The political heirs of the late Eric Williams, Trinidad's iron-willed leader for 25 years, have overcome their first political challenge, but now must find solutions to the country's serious political problems.

George M. Chambers, 53, led Williams' People's National Movement to a stunning election victory in November, despite a challenge from a new party that attempted to woo the black voters who had traditionally made up Williams' political base. Under Chambers' leadership, the People's National Movement won its sixth election in a row with the largest popular mandate ever--219,000 votes and 26 out of 36 seats in the House of Representatives.

Williams, who died in office at the age of 69 last March, "has left intact the most effective political organization in the Caribbean," said the victorious Chambers in a recent interview.

The election was closely monitored by U.S. diplomats here, since the relatively wealthy, twin island nation of Trinidad and Tobago plays a prominent role in the Caribbean.

The Reagan administration has made the region one of its top foreign policy concerns, trying to stem what it describes as an ominous growth of Cuban and Soviet influence.

With billions of dollars in earnings from petroleum sales to the United States, Trinidad's major trade partner, this country of 1.2 million people in recent years has undergone a rapid and stressful modernization. But the oil revenues so far have failed to solve domestic problems--unreliable utilities, lack of an effective public transportation service and a potentially explosive absence of low- and moderate-income housing for a population of which 62 percent is under the age of 35.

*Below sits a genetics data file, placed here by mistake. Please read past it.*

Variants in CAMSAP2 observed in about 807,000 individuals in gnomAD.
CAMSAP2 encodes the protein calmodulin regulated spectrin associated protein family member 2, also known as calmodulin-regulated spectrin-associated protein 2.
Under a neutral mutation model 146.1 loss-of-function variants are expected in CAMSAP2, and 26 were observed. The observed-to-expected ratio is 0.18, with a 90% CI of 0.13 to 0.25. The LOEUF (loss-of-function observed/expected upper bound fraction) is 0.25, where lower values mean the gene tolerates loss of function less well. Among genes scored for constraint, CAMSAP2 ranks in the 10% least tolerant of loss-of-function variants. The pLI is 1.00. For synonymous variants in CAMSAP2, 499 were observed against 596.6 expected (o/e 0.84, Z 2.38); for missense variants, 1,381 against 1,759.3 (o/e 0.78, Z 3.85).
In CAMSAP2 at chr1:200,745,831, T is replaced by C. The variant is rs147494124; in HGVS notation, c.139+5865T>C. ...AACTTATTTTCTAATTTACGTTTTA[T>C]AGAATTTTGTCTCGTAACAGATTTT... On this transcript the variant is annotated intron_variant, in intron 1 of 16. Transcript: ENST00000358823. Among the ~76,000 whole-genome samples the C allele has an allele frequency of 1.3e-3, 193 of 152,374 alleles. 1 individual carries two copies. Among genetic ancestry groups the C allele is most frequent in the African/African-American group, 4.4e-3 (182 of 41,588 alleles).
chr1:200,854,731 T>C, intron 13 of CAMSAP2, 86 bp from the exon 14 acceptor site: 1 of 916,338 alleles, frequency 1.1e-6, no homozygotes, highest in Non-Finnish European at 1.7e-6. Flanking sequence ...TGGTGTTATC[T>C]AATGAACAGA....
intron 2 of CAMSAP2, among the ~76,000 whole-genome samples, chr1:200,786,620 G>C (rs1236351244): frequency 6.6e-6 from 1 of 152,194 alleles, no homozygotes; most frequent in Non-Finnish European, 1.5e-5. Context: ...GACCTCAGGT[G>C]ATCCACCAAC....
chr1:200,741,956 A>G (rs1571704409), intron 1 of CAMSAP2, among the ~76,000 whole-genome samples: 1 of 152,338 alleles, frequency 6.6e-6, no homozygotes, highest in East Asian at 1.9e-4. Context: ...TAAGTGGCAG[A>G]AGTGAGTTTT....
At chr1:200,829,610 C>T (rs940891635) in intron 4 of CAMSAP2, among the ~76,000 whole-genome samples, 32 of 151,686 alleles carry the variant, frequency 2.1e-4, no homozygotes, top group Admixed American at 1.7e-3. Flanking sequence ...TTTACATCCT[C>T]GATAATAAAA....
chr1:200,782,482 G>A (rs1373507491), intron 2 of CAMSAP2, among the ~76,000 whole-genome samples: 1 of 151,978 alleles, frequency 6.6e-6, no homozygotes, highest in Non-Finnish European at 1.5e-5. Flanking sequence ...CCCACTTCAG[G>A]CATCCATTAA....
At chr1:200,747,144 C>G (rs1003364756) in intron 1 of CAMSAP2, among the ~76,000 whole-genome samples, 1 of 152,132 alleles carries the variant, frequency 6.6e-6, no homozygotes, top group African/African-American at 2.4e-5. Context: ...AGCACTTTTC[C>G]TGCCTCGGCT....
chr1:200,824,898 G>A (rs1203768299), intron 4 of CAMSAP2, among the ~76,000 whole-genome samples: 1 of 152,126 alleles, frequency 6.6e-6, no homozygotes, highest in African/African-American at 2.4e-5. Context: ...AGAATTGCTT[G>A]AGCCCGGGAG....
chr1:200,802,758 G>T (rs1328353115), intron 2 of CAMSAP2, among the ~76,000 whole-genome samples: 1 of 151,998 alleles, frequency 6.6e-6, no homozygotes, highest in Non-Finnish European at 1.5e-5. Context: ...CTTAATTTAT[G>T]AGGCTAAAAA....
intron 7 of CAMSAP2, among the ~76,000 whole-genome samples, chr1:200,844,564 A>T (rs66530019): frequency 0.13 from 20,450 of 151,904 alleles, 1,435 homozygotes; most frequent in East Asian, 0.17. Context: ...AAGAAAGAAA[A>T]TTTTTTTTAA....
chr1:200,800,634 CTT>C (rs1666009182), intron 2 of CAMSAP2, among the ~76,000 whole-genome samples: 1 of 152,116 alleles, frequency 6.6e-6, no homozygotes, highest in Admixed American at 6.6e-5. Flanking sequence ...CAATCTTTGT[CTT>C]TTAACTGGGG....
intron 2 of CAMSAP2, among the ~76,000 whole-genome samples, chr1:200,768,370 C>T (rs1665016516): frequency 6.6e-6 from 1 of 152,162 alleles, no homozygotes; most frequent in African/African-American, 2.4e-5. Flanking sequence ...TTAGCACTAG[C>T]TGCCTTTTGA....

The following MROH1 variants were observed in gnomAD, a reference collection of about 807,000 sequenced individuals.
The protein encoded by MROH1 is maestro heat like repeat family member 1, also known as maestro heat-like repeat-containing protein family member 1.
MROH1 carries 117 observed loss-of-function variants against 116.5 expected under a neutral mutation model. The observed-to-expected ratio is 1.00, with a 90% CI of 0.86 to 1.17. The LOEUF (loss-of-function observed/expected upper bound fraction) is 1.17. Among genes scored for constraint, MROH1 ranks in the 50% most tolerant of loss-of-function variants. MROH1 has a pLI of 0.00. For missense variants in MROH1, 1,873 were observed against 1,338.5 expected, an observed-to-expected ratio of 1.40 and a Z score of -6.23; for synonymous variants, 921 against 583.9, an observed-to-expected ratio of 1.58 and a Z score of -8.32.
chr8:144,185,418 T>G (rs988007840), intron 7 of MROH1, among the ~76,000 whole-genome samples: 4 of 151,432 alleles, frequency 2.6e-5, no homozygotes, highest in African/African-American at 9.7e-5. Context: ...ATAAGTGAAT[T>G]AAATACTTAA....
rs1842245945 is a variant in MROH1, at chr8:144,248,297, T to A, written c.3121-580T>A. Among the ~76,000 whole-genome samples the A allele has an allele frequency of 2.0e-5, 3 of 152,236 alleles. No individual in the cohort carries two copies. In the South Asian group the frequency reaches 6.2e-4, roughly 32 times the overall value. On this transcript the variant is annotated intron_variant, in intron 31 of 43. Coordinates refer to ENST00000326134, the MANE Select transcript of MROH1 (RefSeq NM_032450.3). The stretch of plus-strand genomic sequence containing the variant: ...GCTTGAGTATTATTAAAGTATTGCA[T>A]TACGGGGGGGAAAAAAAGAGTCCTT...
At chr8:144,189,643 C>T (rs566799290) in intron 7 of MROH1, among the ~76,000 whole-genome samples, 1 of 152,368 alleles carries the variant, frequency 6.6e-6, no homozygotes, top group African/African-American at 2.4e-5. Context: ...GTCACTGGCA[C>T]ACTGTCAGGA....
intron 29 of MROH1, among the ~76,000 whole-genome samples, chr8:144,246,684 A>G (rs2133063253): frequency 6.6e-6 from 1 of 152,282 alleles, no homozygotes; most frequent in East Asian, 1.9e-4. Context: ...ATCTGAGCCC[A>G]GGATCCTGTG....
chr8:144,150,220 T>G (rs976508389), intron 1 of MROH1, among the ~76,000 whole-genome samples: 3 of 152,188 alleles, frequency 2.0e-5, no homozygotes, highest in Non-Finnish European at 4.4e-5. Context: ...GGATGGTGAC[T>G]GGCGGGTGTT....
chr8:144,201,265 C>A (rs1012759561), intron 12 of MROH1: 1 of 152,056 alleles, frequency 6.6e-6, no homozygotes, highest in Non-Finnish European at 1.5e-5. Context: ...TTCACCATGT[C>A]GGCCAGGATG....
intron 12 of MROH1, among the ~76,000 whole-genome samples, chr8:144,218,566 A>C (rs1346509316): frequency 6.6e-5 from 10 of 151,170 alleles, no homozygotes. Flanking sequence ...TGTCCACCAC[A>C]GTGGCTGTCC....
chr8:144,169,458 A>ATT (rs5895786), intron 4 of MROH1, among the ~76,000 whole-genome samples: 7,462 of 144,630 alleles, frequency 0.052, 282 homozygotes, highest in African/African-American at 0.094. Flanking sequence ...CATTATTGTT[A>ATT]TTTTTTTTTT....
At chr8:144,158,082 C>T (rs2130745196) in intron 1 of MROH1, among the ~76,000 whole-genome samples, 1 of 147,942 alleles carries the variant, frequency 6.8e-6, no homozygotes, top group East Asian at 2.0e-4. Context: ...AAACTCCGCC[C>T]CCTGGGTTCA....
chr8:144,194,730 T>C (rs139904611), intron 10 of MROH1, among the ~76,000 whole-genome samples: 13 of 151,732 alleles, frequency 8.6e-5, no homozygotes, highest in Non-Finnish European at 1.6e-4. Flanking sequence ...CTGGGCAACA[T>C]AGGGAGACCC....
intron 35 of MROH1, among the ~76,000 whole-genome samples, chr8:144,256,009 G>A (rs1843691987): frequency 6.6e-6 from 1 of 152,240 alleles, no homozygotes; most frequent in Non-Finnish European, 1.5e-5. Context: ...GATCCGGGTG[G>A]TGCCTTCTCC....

The underlying conflict between mainly urban and Christian blacks and the more rapidly growing rural population of Hindu East Indians that was the key issue in the November election causes political instability that threatens to exacerbate Trinidad's economic problems.

An eruption of black-power demonstrations and widespread dissatisfaction with the government almost brought Williams down in 1970. Trinidad has exported petroleum since early this century, and the windfall revenues after the 1973 price increases helped reestablish stability and Williams' grip on power. But he grew increasingly eccentric and reclusive after those disturbances and only rarely was seen in public.

With the oil revenues, Trinidad's once agriculturally based economy grew by 10 percent annually and boosted per capita income from a few hundred dollars to $4,700 today. This year, with crude oil production of 190,000 barrels a day, Trinidad will earn about $4 billion. Trinidad has an enviable $3.1 billion in foreign reserves, enough for two years' imports.

But the oil boom has also brought problems: inflation runs at 18 percent annually. Five local plants assemble mostly Japanese autos and others are imported to put 2,000 new cars a month on already congested streets. This year's food import bill, for a country that fed itself two decades ago, is expected to climb above $350 million a year as the agricultural sector continues to decline.